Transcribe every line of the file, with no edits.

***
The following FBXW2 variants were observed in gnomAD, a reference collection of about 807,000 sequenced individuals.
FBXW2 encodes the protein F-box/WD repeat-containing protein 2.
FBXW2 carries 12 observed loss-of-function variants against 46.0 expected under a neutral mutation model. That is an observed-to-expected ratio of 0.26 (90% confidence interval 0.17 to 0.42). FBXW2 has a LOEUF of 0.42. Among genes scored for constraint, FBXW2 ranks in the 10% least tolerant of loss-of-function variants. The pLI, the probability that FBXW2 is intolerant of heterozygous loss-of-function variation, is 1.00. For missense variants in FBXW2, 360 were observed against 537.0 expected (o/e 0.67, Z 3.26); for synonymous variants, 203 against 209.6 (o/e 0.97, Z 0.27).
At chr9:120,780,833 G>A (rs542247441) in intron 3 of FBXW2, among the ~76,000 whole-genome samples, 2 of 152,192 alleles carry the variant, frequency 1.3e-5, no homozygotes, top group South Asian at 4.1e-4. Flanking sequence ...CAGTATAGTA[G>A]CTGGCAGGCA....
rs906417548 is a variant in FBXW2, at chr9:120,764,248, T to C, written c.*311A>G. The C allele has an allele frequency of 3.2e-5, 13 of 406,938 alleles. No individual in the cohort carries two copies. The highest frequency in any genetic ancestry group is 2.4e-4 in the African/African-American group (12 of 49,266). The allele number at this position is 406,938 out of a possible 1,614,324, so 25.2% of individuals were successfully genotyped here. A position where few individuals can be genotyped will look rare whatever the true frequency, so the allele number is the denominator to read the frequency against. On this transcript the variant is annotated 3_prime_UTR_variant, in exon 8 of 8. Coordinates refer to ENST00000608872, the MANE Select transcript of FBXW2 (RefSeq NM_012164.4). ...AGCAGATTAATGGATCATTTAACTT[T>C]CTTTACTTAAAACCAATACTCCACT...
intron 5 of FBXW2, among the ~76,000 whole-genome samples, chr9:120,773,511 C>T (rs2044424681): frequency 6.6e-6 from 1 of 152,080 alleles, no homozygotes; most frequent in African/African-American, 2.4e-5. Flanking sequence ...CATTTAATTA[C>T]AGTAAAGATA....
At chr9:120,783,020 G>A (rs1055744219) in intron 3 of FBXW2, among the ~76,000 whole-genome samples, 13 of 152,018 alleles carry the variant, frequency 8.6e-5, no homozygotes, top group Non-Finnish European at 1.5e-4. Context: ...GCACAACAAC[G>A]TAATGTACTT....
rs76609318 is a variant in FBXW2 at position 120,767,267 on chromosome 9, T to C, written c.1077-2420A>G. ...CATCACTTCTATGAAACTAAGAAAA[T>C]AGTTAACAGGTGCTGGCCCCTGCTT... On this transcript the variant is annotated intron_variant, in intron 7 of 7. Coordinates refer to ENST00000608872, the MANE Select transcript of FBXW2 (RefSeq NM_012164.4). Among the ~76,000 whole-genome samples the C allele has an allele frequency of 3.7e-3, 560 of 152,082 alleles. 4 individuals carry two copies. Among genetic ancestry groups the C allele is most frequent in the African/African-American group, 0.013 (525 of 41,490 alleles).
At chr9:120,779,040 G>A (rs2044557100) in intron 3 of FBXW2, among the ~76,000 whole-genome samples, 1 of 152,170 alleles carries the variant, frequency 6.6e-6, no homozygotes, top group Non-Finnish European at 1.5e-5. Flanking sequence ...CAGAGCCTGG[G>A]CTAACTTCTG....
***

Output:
The following FBXW2 variants were observed in gnomAD, a reference collection of about 807,000 sequenced individuals.
FBXW2 encodes the protein F-box/WD repeat-containing protein 2.
FBXW2 carries 12 observed loss-of-function variants against 46.0 expected under a neutral mutation model. That is an observed-to-expected ratio of 0.26 (90% confidence interval 0.17 to 0.42). FBXW2 has a LOEUF of 0.42. Among genes scored for constraint, FBXW2 ranks in the 10% least tolerant of loss-of-function variants. The pLI, the probability that FBXW2 is intolerant of heterozygous loss-of-function variation, is 1.00. For missense variants in FBXW2, 360 were observed against 537.0 expected (o/e 0.67, Z 3.26); for synonymous variants, 203 against 209.6 (o/e 0.97, Z 0.27).
At chr9:120,780,833 G>A (rs542247441) in intron 3 of FBXW2, among the ~76,000 whole-genome samples, 2 of 152,192 alleles carry the variant, frequency 1.3e-5, no homozygotes, top group South Asian at 4.1e-4. Flanking sequence ...CAGTATAGTA[G>A]CTGGCAGGCA....
rs906417548 is a variant in FBXW2, at chr9:120,764,248, T to C, written c.*311A>G. The C allele has an allele frequency of 3.2e-5, 13 of 406,938 alleles. No individual in the cohort carries two copies. The highest frequency in any genetic ancestry group is 2.4e-4 in the African/African-American group (12 of 49,266). The allele number at this position is 406,938 out of a possible 1,614,324, so 25.2% of individuals were successfully genotyped here. A position where few individuals can be genotyped will look rare whatever the true frequency, so the allele number is the denominator to read the frequency against. On this transcript the variant is annotated 3_prime_UTR_variant, in exon 8 of 8. Coordinates refer to ENST00000608872, the MANE Select transcript of FBXW2 (RefSeq NM_012164.4). ...AGCAGATTAATGGATCATTTAACTT[T>C]CTTTACTTAAAACCAATACTCCACT...
intron 5 of FBXW2, among the ~76,000 whole-genome samples, chr9:120,773,511 C>T (rs2044424681): frequency 6.6e-6 from 1 of 152,080 alleles, no homozygotes; most frequent in African/African-American, 2.4e-5. Flanking sequence ...CATTTAATTA[C>T]AGTAAAGATA....
At chr9:120,783,020 G>A (rs1055744219) in intron 3 of FBXW2, among the ~76,000 whole-genome samples, 13 of 152,018 alleles carry the variant, frequency 8.6e-5, no homozygotes, top group Non-Finnish European at 1.5e-4. Context: ...GCACAACAAC[G>A]TAATGTACTT....
rs76609318 is a variant in FBXW2 at position 120,767,267 on chromosome 9, T to C, written c.1077-2420A>G. ...CATCACTTCTATGAAACTAAGAAAA[T>C]AGTTAACAGGTGCTGGCCCCTGCTT... On this transcript the variant is annotated intron_variant, in intron 7 of 7. Coordinates refer to ENST00000608872, the MANE Select transcript of FBXW2 (RefSeq NM_012164.4). Among the ~76,000 whole-genome samples the C allele has an allele frequency of 3.7e-3, 560 of 152,082 alleles. 4 individuals carry two copies. Among genetic ancestry groups the C allele is most frequent in the African/African-American group, 0.013 (525 of 41,490 alleles).
At chr9:120,779,040 G>A (rs2044557100) in intron 3 of FBXW2, among the ~76,000 whole-genome samples, 1 of 152,170 alleles carries the variant, frequency 6.6e-6, no homozygotes, top group Non-Finnish European at 1.5e-5. Flanking sequence ...CAGAGCCTGG[G>A]CTAACTTCTG....